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Reflecting on #RMI18

I attended the Restaurant Marketer & Innovator Summit in January. As an F&B strategist focusing mainly on feasibility studies and concept creation, I have always left the marketing to the professionals. However, the content covered during the two-day forum was much broader than the name suggested and linked many different aspects that we in the industry should focus on, regardless of our job function. By the end of the day, creating a successful restaurant is like conducting a symphony, each member must listen to fellow players.

Day one, curated and moderated by James Hacon, included many interesting topics where marketing was only scratching the surface. In my view, the presentation by Ewan Turney, from England Rugby, was a great example of how other industries use content creation and what we in the hospitality sector should learn from that. I am still surprised how clueless we are in doing something that is so simple yet so rewarding.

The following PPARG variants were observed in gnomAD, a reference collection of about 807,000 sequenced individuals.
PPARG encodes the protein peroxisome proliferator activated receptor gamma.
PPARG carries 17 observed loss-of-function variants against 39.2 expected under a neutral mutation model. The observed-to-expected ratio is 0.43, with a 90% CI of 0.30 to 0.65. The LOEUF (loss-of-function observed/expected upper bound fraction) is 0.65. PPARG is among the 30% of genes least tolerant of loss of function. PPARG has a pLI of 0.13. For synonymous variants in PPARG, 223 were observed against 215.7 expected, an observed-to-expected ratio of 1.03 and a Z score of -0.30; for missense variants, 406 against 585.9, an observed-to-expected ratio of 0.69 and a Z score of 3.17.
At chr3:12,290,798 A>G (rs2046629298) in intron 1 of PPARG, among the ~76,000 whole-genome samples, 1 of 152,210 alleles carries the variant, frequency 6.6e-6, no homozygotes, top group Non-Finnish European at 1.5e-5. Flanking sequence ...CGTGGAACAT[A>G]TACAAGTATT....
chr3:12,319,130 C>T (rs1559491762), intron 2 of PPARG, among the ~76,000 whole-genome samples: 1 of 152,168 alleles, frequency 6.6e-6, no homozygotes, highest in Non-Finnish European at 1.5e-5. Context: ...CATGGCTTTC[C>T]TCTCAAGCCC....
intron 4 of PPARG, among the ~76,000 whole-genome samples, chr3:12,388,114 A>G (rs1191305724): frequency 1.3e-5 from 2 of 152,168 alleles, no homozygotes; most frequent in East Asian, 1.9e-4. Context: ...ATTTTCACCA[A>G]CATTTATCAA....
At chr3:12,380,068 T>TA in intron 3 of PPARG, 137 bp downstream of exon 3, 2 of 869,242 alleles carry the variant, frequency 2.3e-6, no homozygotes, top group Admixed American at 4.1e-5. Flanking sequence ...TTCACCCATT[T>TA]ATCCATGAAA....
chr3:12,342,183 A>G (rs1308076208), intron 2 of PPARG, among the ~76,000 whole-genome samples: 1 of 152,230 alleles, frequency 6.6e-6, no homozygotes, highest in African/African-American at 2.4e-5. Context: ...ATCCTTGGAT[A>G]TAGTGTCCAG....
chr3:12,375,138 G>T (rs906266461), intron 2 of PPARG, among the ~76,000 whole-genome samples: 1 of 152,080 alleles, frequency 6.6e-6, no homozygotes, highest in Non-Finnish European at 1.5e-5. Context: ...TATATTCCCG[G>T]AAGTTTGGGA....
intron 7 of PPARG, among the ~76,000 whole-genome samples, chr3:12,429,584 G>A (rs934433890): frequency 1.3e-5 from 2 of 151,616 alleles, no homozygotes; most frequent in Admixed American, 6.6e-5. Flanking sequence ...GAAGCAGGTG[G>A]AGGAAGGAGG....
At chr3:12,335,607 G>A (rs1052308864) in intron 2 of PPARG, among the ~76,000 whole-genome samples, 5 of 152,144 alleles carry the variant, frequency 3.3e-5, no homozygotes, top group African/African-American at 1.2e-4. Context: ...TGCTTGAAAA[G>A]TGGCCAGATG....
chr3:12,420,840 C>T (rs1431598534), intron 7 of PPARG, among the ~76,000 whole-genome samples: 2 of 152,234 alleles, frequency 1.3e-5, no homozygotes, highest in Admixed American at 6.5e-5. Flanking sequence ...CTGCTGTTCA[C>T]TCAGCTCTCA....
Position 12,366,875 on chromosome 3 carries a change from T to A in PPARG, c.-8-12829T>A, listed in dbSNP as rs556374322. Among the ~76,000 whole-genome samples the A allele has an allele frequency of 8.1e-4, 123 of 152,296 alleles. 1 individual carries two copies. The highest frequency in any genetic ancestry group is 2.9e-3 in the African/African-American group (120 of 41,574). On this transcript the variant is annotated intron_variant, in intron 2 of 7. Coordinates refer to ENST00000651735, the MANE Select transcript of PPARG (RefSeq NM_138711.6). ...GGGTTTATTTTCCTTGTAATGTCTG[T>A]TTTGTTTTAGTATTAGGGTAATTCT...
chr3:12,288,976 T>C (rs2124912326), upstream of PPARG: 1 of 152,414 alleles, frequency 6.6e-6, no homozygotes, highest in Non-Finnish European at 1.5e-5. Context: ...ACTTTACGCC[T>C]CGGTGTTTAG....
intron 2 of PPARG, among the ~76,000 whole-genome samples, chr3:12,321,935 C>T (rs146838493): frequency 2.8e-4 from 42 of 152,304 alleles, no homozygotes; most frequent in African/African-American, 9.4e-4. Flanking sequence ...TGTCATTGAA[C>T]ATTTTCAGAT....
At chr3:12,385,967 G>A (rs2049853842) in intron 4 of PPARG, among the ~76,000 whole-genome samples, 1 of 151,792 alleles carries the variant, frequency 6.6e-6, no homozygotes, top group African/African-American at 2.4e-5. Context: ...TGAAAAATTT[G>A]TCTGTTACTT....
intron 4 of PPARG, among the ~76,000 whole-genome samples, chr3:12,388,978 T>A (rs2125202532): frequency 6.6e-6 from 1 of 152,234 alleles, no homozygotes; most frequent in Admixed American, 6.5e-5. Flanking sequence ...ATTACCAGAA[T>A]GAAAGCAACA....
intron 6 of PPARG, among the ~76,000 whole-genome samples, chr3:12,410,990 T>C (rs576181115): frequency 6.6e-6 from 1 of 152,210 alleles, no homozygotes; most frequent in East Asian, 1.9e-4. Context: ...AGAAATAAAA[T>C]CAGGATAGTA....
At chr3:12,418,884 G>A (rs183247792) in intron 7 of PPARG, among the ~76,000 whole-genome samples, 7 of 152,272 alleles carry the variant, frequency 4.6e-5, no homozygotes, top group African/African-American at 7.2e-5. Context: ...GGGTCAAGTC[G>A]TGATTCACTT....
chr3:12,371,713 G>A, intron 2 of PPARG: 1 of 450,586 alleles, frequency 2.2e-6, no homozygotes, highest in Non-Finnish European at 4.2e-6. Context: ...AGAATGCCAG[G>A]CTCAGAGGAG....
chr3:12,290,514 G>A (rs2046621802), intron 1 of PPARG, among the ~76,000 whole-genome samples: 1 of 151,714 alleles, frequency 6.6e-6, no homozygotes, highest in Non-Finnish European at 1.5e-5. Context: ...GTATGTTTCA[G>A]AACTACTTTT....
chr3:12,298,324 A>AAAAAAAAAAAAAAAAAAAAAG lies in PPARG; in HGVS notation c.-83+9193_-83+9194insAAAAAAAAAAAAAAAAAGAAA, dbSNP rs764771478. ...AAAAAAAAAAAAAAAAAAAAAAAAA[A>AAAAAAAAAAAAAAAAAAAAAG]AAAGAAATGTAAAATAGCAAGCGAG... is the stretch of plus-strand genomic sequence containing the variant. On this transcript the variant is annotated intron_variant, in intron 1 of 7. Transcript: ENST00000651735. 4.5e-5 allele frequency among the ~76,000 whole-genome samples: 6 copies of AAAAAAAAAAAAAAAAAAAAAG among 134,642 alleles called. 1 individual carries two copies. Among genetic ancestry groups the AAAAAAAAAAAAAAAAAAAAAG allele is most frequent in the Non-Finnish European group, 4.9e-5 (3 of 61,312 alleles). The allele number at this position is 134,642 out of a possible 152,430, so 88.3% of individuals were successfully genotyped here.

Lizzy Barber’s case study on how her team rebranded Haché is something I actually used thereafter in creating one of my client’s concepts. Thinking about the offering as a person and building all the touchpoints around his or her character was brilliant and immediately actionable.

The first day ended with my personal champion Oobah Butler taking the stage to explain how his non-existent restaurant The Shed made it to number one on TripAdvisor, a platform I have rallied against in the past. A slightly crazy chap but, because of his authenticity, he most definitely picked up the energy of the room and left the audience both puzzled and awestruck.

Day two was utterly inspiriting, mostly because Ann Elliott had done such a fantastic job in securing an all-female line-up. Emma Woods, of Wagamama, reminded me of Diane Keaton – fierce, funny and to the point. Mel Marriott, founder of Darwin & Wallace, stole the hearts of the audience with dreamy and elegant images of her bar concepts – that was inspiration 101. The four founding ladies of food startups Chit Chaat Chai, Corazon, Eat Poke and BabaBoom reminded me that doing what you are passionate about really matters, something that keeps slipping the mind when things get tough in the entrepreneurial environment.

I would like to see more hospitality professionals attend this conference in the future. The take-aways are truly relevant for owners, investors, chefs and operators within the F&B space. I am very much looking forward to the next edition.